I knew, of course, that this is done, and I knew, roughly, how; how some of the rich and powerful, as opposed to most of us, manage to pay little or no taxes. (Hear for instance BBC’s “file on 4”, “Dirty Money UK” of 11 October 2015).

The problem is that more often than not, these people (some of the rich and powerful) are able to avoid paying taxes without breaking the law. Hence the fine verbal distinction between tax evasion, which is a criminal act, and tax avoidance, which is not.

They find loopholes. And the loopholes don’t get closed because the greedy bastards (excuse my French) have contacts in important places (or bribed flunkies in various countries’ civil services, including  – I have no doubt –  our own) and because the tax avoidance schemes are so complex that even the most adamant prosecutors can’t crack them (cf. my post “Speaking of Crime” a while back).

If an honest prosecutor can’t unravel these cases, how is the general public supposed to? So, to my grief, the general public in each country has until now, at least, been mute about the monumental siphoning off of what should have been tax money. While the lower and middle classes pay for the upkeep of their countries – and the penal sanctions for not doing so are very harsh, indeed – some (I really must insist on this some) of the filthy rich do not. No penal sanctions, no public outcry, no nothing.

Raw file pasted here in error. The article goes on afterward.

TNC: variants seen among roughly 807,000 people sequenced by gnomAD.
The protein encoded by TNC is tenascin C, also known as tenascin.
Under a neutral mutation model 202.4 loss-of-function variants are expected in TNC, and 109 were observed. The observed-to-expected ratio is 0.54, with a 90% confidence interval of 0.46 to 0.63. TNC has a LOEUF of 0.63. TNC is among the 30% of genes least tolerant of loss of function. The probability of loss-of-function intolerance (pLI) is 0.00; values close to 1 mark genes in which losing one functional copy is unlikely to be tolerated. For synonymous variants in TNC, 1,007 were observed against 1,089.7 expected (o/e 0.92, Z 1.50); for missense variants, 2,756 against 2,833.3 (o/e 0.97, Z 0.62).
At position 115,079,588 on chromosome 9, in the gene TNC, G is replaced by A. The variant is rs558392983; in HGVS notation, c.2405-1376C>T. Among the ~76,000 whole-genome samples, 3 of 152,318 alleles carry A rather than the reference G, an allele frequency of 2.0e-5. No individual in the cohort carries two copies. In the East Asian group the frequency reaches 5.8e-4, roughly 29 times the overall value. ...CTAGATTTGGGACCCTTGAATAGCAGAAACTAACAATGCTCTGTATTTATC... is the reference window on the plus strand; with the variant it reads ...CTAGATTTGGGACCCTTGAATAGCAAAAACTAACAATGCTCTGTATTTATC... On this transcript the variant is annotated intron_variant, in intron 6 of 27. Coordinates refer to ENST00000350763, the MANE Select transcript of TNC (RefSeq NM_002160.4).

Mind you, not only tax money! Once you have obtained a secret little series of PO Box companies in distant lands (or more probably, on islands) to which you can divert the proceeds of your business – and why on earth should you bother to do that, unless the purpose is to cheat your compatriots – you can very easily embark on a criminal career in a big way, all the while apearing devout and well-meaning back home.

But now… Oooo, what an exquisite moment I have just enjoyed! In the wake of the monumental release of the “Panama Papers“, I have been watching an Icelandic Prime Minister trying to explain that he was absolutely innocent of cheating the taxman – and besides, he did not know anything about it – and making such a blessed fool of himself that finally his long-suffering countrymen have been vindicated a little bit: